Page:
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Concerning law regarding the contracting, payment, and collection of rent between a tenant and a landlord. Tag can also be used for rental agreements related to property other than real estate.

It depends on the lease, but generally speaking you would be liable for your portion of the rent for the duration of the lease. So if you were supposed to pay £300 a month for 12 month, £3600 is what …
answered Aug 28 '18 by user6726
There is a mild indication that this is untrue in Illinois, here, which is from a Chicago law firm. They mention numerous legal restrictions on landlords including limits on late fees and the damages …
answered Mar 9 '16 by user6726
his own property. You prevent the owner from renting it to someone else. The rent that you pay under the rental contract is what it costs you to gain these privileges. If you leave early, your … obligation to pay the amount of the lease still exists, even if you're not there. If you had told the landlord that you were leaving, returned the key, and he had managed to re-rent the unit before the end …
answered Mar 7 '17 by user6726
Late fees are legal in Washington. There is no specific statutory definition of "reasonable" for residential tenancies, just a requirement that a tenant conform to reasonable requirements under RCW 59 …
answered Aug 23 '18 by user6726
should "report anti-social behaviour to your local council". It is legal to rent a room in the UK to a person convicted of a violent crime, so it would also be legal to rent a room to a person who …
answered May 31 '17 by user6726
Washington state is the most feasible. RCW 59.18.085(6)(c) states that "An occupancy agreement, whether oral or written, in which the provisions of this section are waived is deemed against public pol …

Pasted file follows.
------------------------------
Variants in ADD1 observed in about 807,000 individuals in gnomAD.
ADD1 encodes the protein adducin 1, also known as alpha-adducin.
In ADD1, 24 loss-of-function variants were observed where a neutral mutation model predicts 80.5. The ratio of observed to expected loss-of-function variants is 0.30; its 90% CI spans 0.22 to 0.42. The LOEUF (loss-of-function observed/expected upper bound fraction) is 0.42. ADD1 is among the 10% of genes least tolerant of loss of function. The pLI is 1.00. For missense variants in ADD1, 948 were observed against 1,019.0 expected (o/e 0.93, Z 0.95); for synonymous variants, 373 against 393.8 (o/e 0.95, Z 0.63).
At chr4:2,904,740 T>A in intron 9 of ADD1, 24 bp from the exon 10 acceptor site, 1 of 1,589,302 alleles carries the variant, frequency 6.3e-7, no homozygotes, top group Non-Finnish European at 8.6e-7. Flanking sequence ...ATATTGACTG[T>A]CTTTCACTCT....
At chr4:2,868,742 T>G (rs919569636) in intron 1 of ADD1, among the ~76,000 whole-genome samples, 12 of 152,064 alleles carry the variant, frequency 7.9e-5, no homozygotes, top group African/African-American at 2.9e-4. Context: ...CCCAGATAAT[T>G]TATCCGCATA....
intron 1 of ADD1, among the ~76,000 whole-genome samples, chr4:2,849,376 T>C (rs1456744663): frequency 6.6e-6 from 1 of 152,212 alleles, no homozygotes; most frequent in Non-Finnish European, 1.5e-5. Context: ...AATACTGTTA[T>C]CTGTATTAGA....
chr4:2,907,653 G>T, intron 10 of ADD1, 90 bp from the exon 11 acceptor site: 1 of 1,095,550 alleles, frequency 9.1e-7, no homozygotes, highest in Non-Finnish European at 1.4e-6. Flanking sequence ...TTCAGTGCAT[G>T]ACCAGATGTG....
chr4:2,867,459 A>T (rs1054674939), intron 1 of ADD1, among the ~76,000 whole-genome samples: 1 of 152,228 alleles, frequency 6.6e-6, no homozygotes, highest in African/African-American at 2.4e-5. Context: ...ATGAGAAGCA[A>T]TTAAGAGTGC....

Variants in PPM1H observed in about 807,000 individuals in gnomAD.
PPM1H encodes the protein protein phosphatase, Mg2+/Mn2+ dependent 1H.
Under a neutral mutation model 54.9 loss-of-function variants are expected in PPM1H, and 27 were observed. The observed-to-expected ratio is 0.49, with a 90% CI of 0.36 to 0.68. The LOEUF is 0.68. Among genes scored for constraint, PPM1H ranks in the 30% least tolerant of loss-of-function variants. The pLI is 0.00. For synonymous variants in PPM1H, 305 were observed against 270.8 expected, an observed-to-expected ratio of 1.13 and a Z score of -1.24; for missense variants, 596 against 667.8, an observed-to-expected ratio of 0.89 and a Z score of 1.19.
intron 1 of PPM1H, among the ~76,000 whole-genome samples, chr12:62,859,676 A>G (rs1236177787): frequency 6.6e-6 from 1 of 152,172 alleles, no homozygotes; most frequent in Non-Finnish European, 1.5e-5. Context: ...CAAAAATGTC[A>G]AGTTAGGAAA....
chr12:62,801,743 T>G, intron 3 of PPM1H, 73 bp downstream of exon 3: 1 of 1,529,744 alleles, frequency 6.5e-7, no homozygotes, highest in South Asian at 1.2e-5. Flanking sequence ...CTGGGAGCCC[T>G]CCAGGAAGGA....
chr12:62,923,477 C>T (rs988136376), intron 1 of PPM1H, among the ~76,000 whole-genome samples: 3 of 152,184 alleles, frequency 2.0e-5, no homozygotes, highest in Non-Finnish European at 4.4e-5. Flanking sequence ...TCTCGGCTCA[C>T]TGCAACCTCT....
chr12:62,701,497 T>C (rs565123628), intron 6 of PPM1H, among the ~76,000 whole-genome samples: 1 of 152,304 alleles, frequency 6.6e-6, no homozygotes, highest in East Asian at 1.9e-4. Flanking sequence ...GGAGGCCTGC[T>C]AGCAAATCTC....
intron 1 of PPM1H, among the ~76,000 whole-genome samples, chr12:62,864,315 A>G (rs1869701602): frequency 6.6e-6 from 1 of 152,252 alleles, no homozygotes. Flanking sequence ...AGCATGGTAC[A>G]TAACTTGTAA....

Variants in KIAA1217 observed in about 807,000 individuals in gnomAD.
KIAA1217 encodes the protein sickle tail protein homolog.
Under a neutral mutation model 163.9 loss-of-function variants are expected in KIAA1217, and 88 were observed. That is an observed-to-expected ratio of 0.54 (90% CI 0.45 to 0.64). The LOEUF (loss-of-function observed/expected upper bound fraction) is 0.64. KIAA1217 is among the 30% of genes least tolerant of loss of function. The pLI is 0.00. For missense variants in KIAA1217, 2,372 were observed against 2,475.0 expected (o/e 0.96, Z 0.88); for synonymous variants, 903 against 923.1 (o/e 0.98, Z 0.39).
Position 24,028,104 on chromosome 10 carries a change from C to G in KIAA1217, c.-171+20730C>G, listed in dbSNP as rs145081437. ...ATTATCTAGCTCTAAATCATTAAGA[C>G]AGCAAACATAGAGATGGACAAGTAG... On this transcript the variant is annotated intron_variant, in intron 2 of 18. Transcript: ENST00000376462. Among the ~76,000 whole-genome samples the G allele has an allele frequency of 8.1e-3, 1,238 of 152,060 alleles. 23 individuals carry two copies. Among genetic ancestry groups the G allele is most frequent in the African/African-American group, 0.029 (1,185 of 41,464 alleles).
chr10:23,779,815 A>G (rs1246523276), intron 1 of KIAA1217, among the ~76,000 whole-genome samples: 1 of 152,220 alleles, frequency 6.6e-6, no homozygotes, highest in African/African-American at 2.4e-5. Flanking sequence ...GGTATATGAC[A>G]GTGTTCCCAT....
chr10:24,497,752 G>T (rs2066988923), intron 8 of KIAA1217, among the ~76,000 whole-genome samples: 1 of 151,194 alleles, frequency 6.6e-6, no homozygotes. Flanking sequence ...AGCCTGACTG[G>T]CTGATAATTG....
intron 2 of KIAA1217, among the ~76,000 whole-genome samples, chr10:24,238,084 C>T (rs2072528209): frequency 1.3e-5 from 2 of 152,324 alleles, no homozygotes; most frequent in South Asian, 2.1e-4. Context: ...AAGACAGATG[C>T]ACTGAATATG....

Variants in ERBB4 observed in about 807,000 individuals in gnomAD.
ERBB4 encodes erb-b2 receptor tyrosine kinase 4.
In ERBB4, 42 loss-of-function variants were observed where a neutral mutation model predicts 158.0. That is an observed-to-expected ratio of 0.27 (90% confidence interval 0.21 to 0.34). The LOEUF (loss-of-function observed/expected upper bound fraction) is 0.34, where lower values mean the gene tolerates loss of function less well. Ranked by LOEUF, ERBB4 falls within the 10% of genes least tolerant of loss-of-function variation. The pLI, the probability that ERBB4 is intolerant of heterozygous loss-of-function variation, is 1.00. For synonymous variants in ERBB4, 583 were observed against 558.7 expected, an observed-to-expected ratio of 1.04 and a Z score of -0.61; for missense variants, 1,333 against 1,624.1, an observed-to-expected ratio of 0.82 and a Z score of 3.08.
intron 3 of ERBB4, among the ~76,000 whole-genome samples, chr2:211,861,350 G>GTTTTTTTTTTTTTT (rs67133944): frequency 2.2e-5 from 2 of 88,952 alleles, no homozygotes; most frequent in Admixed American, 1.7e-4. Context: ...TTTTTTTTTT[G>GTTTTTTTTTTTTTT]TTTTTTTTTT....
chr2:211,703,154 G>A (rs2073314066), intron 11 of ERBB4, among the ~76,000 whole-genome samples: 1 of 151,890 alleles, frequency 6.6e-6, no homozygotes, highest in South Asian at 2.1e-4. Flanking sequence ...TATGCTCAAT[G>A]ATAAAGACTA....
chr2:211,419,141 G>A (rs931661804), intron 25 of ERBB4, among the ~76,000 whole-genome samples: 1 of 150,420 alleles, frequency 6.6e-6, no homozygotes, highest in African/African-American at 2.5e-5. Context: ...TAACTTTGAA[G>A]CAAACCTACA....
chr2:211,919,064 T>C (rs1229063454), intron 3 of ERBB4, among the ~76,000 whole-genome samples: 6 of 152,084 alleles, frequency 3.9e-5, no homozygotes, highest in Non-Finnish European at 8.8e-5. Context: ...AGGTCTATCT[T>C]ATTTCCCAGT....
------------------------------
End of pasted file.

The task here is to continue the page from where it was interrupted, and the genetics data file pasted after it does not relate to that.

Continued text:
answered Jun 17 '17 by user6726
Here is the Illinois Landlord and Tenant Act, and here are the Chicago Residential Landlords and Tenants ordinances. Neither set of law addresses application fees. So it would have to be covered in wh …
answered Sep 1 '16 by user6726
an agreement (that is, such agreements are self-renewing). Rules and rent can change with 30 days written notice. Now, actually, a landlord can't kick out a tenant whenever they want, nor can a … prevent either party from just acting willy-nilly. If there is a verbal agreement calling for 30 days notice of a rent increase, that will probably be consistent with state and local law, unless there's something special about the city (such as rent-control laws). …
answered Apr 28 '16 by user6726
The legal situation is unclear. I assume that only F1 has a written lease with the property owner for a tenancy at will, and that F1's arrangement with F2 is informal (if there is a written contract, …
answered Jan 12 by user6726
You have an agreement, which if followed means that you don't have to pay December rent. …
answered Nov 29 '16 by user6726
The terms of the lease are fairly illegal. The relevant statute is here. A security deposit must be deposited in a separate account (1e), a signed receipt must be given upon receipt of the deposit (2b …
answered May 20 '16 by user6726
The program is between the government and the lender, with respect to you: the government doesn't impose any conditions in you, it puts conditions on the lender, so that the government will guarantee …
answered Oct 3 '17 by user6726
The legal limits on what you can be charged as rent in housing (apart from government housing) is whatever the lease says: there is no rent control in Ohio. If the lease says $1500/mo, you would owe … that rate (unlikely) then you owe $1500/mo. If it says you owe $2500/mo under the monthly option, that's what you would pay. I assume that the lease says nothing about rent after the end of the lease …
answered Sep 9 '18 by user6726
Under an unjust-enrichment theory (pursued in small claims court), the check-writer would need to show why they should be allowed to keep the $500. This avoids the contract law problems attached to as …
answered Nov 17 '18 by user6726
willing to allow the cat if you pay more money. If you offered a substantial increase in rent in your initial negotiations and the landlord still said no, that might signal the futility of negotiation … . However, if he has a severe cat allergy and you have by bringing the animal into the unit caused him greater-than-usual harm, he would probably less inclined to pursue the increased-rent option. …
answered Aug 24 by user6726

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